UMass-Boston Chancellor J. Keith Motley hosted a community dinner for about 20 civic and political Dorchester leaders last week, and he used the occasion to brief his neighbors on the status of the university community.
At the meeting in the Chancellorâ€™s on-campus meeting room in the Quinn Building, Dr. Motley painted a picture of a growing and involved public university on the shores of Dorchester Bay. Among the statistics:
â€¢ Enrollment at UMass-Boston is growing at a rate of 27 percent over the past five years, In the fall of 2004, there were 11,682 students; in the fall of 2008, that number had increased to 14,117. Today, 14,912 students are enrolled on campus, he said.
â€¢ There has been a 75 percent increase in the number of entering freshmen over those years; the number of entering transfer students has increased by 47 percent.
â€¢ In the current year, there are 987 freshmen students from Boston neighborhoods.Â The number of Boston resident freshmen applicants has grown from 1,034 in 2007 to 1,206 this year. An additional 553 Boston students have transferred to the campus this year, and the total number of Boston transfer students is 1,756.
â€¢ The universityâ€™s financial aid and scholarships to Boston residents currently amount to $1.9 million. In nine years, Boston students have received almost $11 million in such financial aid.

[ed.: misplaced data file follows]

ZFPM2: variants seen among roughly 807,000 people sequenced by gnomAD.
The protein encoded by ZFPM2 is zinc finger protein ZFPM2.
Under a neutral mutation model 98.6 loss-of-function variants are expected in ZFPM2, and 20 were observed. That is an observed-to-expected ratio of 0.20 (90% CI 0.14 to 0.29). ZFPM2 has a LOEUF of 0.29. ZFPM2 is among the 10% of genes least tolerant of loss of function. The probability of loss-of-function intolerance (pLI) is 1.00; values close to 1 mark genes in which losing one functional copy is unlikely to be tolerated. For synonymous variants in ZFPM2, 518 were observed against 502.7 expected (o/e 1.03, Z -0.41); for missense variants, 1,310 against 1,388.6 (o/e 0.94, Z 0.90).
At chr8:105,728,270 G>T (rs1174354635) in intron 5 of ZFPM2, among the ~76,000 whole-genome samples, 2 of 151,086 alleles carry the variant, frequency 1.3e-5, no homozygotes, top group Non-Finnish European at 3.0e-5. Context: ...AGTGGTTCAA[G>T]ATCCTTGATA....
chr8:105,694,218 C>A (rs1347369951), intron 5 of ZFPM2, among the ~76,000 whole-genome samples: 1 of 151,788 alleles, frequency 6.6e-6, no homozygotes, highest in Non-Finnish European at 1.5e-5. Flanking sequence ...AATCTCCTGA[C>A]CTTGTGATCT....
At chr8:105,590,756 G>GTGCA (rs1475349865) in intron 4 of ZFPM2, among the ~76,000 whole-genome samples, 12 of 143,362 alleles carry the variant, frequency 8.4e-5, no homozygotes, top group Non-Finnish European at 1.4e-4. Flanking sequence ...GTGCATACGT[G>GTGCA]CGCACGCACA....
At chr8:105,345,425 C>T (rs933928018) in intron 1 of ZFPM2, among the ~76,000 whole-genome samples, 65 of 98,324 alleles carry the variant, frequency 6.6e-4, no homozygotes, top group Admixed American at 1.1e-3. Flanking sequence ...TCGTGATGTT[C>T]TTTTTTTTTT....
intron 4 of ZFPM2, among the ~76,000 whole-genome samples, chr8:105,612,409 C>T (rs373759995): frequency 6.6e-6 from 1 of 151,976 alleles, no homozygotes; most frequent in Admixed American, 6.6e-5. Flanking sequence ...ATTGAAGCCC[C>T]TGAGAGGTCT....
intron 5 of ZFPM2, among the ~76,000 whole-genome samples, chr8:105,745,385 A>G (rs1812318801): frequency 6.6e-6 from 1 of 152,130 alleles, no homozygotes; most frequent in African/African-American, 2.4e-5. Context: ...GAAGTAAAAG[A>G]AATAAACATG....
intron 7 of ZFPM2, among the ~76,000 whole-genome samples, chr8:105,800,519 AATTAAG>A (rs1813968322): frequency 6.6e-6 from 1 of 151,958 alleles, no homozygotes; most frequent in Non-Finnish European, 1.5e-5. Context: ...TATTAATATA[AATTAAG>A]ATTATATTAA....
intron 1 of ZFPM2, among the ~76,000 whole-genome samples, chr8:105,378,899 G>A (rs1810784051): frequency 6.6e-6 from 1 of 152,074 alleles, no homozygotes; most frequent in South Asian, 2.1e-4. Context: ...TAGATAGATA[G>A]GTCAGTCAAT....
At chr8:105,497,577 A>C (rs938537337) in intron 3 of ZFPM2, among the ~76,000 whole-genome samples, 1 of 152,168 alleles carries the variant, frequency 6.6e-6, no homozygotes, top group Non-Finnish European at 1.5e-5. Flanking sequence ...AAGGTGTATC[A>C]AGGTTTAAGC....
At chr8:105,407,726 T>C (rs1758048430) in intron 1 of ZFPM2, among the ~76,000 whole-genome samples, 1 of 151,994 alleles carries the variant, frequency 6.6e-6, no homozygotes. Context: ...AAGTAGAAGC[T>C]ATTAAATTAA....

â€¢ There are 4,768 current Dorchester residents with ties to the University. Of that number, 206 are members of the faculty and staff, and 1,285 current students have a current â€œmailing address in Dorchester. Additionally, 2,081 Dot residents are counted as alumni.
Motley shared some information about the progress of the universityâ€™s long-range plans for the campus. The next building project is an Integrated Sciences Complex (ISC,) a 200,000 square-foot building described as an â€œinterdisciplinary facility,â€Â with research labs for biology, chemistry, physics, environmental and earth sciences, and psychology. Plans include biology teaching labs, animal care and behavioral observation facilities, and centers for developmental sciences and personalized cancer therapy.
UMass-Boston currently receives some $50 million in research grants, and Motley told the group he has expectations that amount will soon grow to $100 million.
He minimized any plans for future construction of on-campus students residences, saying that significant numbers already reside in private housing adjacent to the campus on the Columbia Point peninsula.
â€“ Ed Forry